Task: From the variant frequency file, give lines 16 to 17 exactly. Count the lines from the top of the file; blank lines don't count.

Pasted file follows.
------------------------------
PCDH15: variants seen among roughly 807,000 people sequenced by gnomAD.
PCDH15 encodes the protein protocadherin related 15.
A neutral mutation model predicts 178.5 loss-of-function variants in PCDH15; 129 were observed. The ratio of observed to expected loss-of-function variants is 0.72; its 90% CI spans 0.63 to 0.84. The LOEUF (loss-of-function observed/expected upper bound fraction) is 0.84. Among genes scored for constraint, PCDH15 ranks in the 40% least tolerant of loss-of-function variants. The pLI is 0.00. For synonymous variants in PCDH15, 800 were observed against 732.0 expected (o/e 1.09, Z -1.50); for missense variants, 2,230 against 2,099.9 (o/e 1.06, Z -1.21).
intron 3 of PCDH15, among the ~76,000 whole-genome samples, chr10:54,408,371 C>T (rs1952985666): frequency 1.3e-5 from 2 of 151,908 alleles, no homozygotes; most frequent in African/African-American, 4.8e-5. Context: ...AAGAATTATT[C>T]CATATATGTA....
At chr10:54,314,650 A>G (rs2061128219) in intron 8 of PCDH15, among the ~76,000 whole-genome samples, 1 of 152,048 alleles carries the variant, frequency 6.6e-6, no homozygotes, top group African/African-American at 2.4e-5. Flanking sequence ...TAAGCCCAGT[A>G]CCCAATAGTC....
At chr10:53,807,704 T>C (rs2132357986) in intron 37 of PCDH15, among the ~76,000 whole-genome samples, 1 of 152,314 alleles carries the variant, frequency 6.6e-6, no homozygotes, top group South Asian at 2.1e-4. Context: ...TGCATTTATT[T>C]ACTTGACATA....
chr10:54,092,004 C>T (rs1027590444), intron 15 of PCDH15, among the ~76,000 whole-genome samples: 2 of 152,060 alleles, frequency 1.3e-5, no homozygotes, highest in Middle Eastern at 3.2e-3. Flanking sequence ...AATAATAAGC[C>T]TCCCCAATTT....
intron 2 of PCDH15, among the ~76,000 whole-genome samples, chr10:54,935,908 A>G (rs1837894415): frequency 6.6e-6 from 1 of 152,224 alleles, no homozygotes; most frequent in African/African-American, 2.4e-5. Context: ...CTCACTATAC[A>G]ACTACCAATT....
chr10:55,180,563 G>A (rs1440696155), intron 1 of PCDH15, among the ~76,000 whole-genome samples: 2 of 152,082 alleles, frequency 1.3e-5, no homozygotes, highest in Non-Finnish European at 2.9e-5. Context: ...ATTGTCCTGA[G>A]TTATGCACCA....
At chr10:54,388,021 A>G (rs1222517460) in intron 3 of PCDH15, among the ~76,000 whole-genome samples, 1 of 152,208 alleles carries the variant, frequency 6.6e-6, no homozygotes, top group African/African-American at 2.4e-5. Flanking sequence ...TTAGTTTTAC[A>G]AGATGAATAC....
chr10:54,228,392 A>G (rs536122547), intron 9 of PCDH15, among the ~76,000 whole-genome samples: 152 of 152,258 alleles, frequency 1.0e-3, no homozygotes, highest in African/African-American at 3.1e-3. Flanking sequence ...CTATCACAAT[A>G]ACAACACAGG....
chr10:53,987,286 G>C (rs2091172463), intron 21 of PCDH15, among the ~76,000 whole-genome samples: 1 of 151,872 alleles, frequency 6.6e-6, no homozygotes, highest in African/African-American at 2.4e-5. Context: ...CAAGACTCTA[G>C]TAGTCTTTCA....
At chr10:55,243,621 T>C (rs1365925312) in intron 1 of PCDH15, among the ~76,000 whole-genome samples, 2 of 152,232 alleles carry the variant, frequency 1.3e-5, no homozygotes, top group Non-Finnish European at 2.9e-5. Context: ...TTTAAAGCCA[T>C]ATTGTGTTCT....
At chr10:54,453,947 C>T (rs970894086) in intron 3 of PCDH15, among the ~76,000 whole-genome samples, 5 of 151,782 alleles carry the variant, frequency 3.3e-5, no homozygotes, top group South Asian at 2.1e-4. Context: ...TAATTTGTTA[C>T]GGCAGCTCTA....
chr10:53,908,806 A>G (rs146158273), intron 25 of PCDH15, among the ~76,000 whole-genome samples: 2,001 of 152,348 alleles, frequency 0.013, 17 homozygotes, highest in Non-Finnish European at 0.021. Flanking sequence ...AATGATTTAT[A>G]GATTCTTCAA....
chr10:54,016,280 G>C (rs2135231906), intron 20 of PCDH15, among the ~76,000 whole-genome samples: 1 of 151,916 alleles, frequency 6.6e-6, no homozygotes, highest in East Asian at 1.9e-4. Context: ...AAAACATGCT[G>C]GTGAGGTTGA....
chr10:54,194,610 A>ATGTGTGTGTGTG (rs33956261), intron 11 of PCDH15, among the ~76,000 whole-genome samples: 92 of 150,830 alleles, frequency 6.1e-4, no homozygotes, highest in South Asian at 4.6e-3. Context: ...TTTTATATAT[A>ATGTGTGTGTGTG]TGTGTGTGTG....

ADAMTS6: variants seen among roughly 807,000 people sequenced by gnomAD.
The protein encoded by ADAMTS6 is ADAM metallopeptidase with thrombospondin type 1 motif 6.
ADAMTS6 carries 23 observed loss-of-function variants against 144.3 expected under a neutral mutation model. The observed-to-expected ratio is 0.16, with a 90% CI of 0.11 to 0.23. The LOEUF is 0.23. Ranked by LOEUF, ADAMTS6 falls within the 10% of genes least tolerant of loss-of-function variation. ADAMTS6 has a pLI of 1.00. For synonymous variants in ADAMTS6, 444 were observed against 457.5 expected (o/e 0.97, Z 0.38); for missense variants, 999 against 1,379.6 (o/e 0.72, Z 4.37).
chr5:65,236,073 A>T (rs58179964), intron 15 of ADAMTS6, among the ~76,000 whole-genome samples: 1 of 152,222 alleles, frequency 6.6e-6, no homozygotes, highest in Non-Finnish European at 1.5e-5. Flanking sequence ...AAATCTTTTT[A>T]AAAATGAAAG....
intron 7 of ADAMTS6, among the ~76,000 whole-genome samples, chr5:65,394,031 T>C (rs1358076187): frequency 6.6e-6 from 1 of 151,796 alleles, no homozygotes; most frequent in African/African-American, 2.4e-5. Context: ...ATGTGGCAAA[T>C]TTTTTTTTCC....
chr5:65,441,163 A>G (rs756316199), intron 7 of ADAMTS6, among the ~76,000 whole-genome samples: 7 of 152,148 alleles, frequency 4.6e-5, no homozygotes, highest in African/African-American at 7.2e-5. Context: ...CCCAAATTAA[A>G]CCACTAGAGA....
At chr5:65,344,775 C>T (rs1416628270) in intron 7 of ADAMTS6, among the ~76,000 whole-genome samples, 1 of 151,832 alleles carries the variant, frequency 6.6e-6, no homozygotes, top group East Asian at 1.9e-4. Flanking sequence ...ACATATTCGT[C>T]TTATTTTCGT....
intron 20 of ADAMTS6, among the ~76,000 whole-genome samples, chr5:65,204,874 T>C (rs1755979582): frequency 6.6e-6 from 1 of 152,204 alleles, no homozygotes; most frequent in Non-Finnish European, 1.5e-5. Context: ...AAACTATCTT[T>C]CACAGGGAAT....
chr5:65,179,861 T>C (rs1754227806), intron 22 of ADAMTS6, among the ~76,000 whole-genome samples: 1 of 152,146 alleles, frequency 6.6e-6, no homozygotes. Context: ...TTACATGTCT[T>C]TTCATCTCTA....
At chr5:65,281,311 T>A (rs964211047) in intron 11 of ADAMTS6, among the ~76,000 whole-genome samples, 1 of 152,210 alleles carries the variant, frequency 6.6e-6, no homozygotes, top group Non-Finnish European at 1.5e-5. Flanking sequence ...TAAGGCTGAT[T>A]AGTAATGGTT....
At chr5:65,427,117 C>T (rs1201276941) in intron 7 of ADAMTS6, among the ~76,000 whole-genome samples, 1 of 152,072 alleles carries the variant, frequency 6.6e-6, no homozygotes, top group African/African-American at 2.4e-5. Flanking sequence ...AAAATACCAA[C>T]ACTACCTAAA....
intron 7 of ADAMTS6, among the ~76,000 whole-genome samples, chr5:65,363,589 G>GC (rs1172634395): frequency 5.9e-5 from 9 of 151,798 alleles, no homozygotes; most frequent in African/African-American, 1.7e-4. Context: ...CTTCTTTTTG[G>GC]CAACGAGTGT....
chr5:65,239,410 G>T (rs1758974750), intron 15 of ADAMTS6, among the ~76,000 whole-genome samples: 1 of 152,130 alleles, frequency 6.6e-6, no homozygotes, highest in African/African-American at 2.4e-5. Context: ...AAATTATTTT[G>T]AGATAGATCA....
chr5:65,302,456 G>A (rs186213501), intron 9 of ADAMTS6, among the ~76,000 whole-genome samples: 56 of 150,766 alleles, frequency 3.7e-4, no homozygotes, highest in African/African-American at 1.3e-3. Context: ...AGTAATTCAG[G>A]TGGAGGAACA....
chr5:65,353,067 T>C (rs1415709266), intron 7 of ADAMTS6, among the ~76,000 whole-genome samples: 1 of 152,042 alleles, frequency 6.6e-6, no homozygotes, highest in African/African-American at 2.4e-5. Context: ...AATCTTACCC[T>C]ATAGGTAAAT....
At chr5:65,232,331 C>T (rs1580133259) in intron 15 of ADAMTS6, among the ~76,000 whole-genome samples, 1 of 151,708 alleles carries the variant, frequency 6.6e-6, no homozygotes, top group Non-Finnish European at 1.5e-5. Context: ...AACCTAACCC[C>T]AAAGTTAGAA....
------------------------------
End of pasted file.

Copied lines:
chr10:54,016,280 G>C (rs2135231906), intron 20 of PCDH15, among the ~76,000 whole-genome samples: 1 of 151,916 alleles, frequency 6.6e-6, no homozygotes, highest in East Asian at 1.9e-4. Context: ...AAAACATGCT[G>C]GTGAGGTTGA....
chr10:54,194,610 A>ATGTGTGTGTGTG (rs33956261), intron 11 of PCDH15, among the ~76,000 whole-genome samples: 92 of 150,830 alleles, frequency 6.1e-4, no homozygotes, highest in South Asian at 4.6e-3. Context: ...TTTTATATAT[A>ATGTGTGTGTGTG]TGTGTGTGTG....